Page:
10 Audi S4 Avant
There aren't many cars on the planet that can match the mid-2000s Audi S4 Avant and its combination of a V8 engine, six-speed stick shift, and all-wheel drive in a station wagon form. But the S4 Avant famously suffers from extreme reliability issues, most notably timing chain tensioners and cam adjuster made out of plastic.
9 Audi RS6
Audi may build beautiful cars, but they sure have issues with maintenance costs. One of the most potent sleepers ever to hit the market, there was little on the exterior of the mid-2000s RS6 to differentiate it from a basic sedan. But under the hood lurked a monstrous twin-turbocharged V8. Sadly, upgraded components to support that engine were so rare and costly that now, RS6 examples have depreciated to a ridiculous level.
8 BMW E92 335i
BMW enthusiasts simply couldn't believe their ears when the German manufacturer brought the E90-generation 3 Series to the market. The M3 had a V8 while the 335i had a twin-turbocharged inline-six. Any snobs who drove the cars became immediate converts, though the N54 engine in the 335i became famous for all kinds of niggling turbocharger problems.
7 Mercedes-Benz GT
Mercedes-Benz has upped their game over the last ten years or so, dominating headlines with both luxury models and sports cars that pair massive power with bold styling and sumptuous interiors. But as their awesome factor has increased, the reliability stats have tanked, sadly, and models like the GT supercar are known to be a nightmare to maintain.
6 BMW 328i
BMW's base-level 3 Series sedan should be a reliable commuter car that still offers a fair amount of grunt out of its inline-six engine, plus excellent weight distribution, as well. But the 328i models from the last few years have been turbo-fours that swelled in weight up to around 3,400 pounds—and their maintenance costs have skyrocked, too.
5 Aston Martin V8 Vantage
Just like most UK-based automakers, Aston Martin has long been plagued by reliability concerns. Doug DeMuro famously bought one of the Aston Martin models that's supposed to be among their best in terms of build quality, the V8 Vantage, but his well-documented woes did not help Aston Martin's reputation in the least.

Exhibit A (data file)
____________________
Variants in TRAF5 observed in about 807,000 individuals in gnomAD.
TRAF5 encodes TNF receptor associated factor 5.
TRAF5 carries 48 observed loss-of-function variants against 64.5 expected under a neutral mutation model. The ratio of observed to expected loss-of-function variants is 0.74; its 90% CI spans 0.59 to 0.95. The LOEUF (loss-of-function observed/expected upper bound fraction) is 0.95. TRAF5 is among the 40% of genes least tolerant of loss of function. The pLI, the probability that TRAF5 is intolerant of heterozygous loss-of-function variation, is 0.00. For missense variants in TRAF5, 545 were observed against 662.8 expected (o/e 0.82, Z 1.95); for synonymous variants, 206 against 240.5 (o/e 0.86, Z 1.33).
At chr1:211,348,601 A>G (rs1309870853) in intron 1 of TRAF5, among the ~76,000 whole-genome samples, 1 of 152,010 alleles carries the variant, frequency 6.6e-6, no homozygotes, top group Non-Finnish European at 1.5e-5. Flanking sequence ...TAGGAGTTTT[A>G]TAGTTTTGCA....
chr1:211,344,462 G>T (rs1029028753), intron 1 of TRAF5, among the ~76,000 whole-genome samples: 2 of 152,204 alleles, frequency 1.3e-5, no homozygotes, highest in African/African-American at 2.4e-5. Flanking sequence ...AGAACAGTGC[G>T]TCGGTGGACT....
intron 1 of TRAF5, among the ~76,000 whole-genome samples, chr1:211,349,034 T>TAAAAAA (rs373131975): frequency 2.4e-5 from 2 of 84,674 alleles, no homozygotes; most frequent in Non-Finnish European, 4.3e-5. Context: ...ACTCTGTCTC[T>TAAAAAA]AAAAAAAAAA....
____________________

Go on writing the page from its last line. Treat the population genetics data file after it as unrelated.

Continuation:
4 Dodge Challenger SRT Demon
Dodge earned a ton of headlines with its insane Challenger SRT Demon track monster. The Demon offers upwards of 800 horsepower and is so potent, the NHRA banned it from drag strip racing. But nowadays, Dodge is asking owners to take it easy on their Demons, which makes sense given that they're essentially a Fiat in disguise.
3 Ford Mustang
Ford couldn't sit still and let Chevy take over the modern muscle car era with the introduction of the fifth-gen in 2009. And the modern Mustang has, in most regards, been stellar. Among the news about special-edition Shelby and Bullitt models, though, has been the revelation that these Mustangs are among the least reliable Fords ever built.
2 Volkswagen Touareg
Most people don't think of the Volkswagen Touareg as being fun to drive. But pair a V8—or, even better, a V10 TDI—with three locking differentials and air-lift suspension and there are few better vehicles for fun off the tarmac. Unfortunately, the Touareg is one of the least reliable vehicles ever built, with electrical gremlins galore and an engine bay layout that just about requires dropping the front end any time anything goes wrong.
1 Acura NSX
Honda and Acura's original NSX proved to the world that the Japanese carmaker could take Ferrari on at their own game by building a supercar for a fraction of the price. Plus, it was reliable as any old Honda, with many owners driving their cars for hundreds of thousands of worry-free miles. The new NSX missed the boat, though, and is now an expensive, overly-complex, hybrid-electric, three-engined supercar.
Sources: AutoTrader, Jalopnik, and Wikipedia.